An olympic-size sheet of ice provides hours of entertainment for the individuals that convene at Park City Ice Arena. Guests can lace up their skates and learn proper techniques during hockey and ice skating lessons. A special public skate session ? Cosmic Skate ? darkens the arena before illuminating the ice with colored lights. Technicians use sonar to measure the ice's thickness, ensuring that the rink is between 1.25 and 1.5 inches thick. The arena is also available for birthday parties and other events, with activities such as ice skating, curling, broomball, and sled hockey.
Salty Dinner Theater, which ABC 4 describes as ?bringing a twist to traditional on-stage classics,? combines professional actors and proficient chefs to stage productions performed at area eateries. Audience members gobble supper as performers interact with them before and during the production. Regularly inhabiting Dry Creek Steakhouse, The Old Spaghetti Factory, Joe Morley?s Smoked Beef & Bar-B-Q, and Mimi?s Caf?, among other locales, the show-accompanying meals range from scratch-made baked lasagna with ground beef and pork to a pound of succulent smoked-beef brisket.
Underneath Park City Live?s shimmering laser light system, a slew of musical acts shine. The energetic venue is equally at home pulsating with dance music or hosting a stripped-down acoustic show, beckoning a diverse crowd of music aficionados to its dynamic confines. But the venue didn't begin life as a haven for audiophiles and their ears. The historic Summit County War Veterans Memorial Building, completed in 1940 following a fire, was originally home to an American Legion room, rifle range, gymnasium, and the Boy Scouts. But by 1984, the entertainment needs of the city had changed, and the building began providing recreation of the more artistic variety. Today, the space serves as the home for Park City Live, as well as O?Shucks Bar & Grill and Rock ?N? Reilly?s Irish Pub.
Visitors to the Utah Arts Festival stride across concrete promenades and grassy lawns sprawled out between fountains and modern buildings, which have glass walls that reflect the fest’s vibrant paintings and eclectic sculptures. Since its inception more than 35 years ago, the four-day festival has taken over a multiblock radius to accommodate hundreds of visual artists, musicians, performers, and culinary artists, each celebrating modern art and the local community. Throughout indoor and outdoor exhibitions, visitors explore varied works of visual art represented through special exhibitions and hands-on workshops with featured artists. A marketplace also gives artists a place to sell their paintings, wearable art, and sculptures to help disseminate their crafts and raise enough money for van Gogh’s ghost to move out of their basements.
Musicians score the festival throughout its days with worldwide genres on several outdoor stages, and storytellers and other literary artists tickle ears with eclectic tales and recitations of the UN staff directory. Across the grounds, festival staffers recycle the fete’s discarded plastic, aluminum, and cardboard as well as food scraps and vegetable oil, and promote eco-friendly practices with a protected bicycle lot and bike valet.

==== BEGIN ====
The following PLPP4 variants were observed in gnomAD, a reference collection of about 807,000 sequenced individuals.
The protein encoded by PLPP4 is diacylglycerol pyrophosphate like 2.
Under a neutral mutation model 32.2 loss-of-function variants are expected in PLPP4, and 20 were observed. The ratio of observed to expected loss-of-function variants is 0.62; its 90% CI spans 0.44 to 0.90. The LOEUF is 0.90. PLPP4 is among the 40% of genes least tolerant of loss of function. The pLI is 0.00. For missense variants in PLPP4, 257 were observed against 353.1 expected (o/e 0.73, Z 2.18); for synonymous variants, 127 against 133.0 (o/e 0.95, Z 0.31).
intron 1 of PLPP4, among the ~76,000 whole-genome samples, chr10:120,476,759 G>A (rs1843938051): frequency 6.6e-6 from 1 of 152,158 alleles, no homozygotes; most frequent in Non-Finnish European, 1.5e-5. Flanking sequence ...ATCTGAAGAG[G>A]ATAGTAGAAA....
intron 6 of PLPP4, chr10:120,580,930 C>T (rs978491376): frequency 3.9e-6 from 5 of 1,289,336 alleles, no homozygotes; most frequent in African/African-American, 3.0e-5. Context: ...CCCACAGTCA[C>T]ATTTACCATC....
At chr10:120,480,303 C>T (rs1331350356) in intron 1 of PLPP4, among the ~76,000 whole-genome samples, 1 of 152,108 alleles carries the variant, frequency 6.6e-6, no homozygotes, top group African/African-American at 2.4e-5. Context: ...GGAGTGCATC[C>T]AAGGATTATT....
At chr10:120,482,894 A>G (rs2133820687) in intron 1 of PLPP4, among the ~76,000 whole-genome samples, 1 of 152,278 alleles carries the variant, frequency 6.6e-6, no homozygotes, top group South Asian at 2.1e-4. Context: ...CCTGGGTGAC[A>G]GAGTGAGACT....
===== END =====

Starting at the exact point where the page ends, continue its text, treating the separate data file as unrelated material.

The Hershey Theatre, conceived in 1933 by noted philanthropist and chocolatier Milton S. Hershey, stands as an opulent tribute to the performing arts. Taking architectural cues from Saint Mark’s Basilica in Venice, the foyer’s towering arches gleam with golden paint and crystal chandeliers. The blue-and-gold mosaic that leads to the main seating area is the masterwork of two German artists who spent two years on its construction. Once inside the theater, audiences might think they’ve stepped onto the streets of Venice thanks to the atmospheric ceiling, stonework facades, and gondoliers paddling them to their seats. ####Bethel Woods Center for the Arts Music has permeated the 800 manicured acres where the Bethel Woods Center for the Arts has stood since 1969, when farmer Max Yasgur agreed to let love, peace, and harmony grow wild at the very first Woodstock festival. These days, the renowned outdoor venue and cultural center continues to attract the biggest acts in music to its pavilion stage. The open-air design ensures ample ventilation on the natural sloping lawn, and a roof protects up to 15,000 fans from inclement weather and the prying eyes of Cessna pilots.
Mickey and Minnie, Scarlett and Rhett, Jack and Rose?all classic cinematic pairs. During their travels throughout the northwest, friends Dave and Matt discovered one more: beer and film. They brought this concept back to Salt Lake City in 1997 when they opened Brewvies Cinema Pub, giving movie lovers a place to take in a flick while sipping one of 19 beers on tap. These include locally brewed options from Epic Brewing Company and Uinta Brewing.
Beer in hand, patrons ages 21 and up can settle in and watch exhilarating blockbusters or smaller, critically acclaimed films on one of the theater's four screens. Brewvies Cinema Pub even indulges more eclectic tastes with special screenings of classic movies as well as cult favorites. To complement their beer, patrons can grab a quick bite from the concession stand, which features everything from hummus plates and coconut shrimp to 10-inch pizzas and pulled-pork sandwiches smothered in a homemade honey-chipotle barbecue sauce.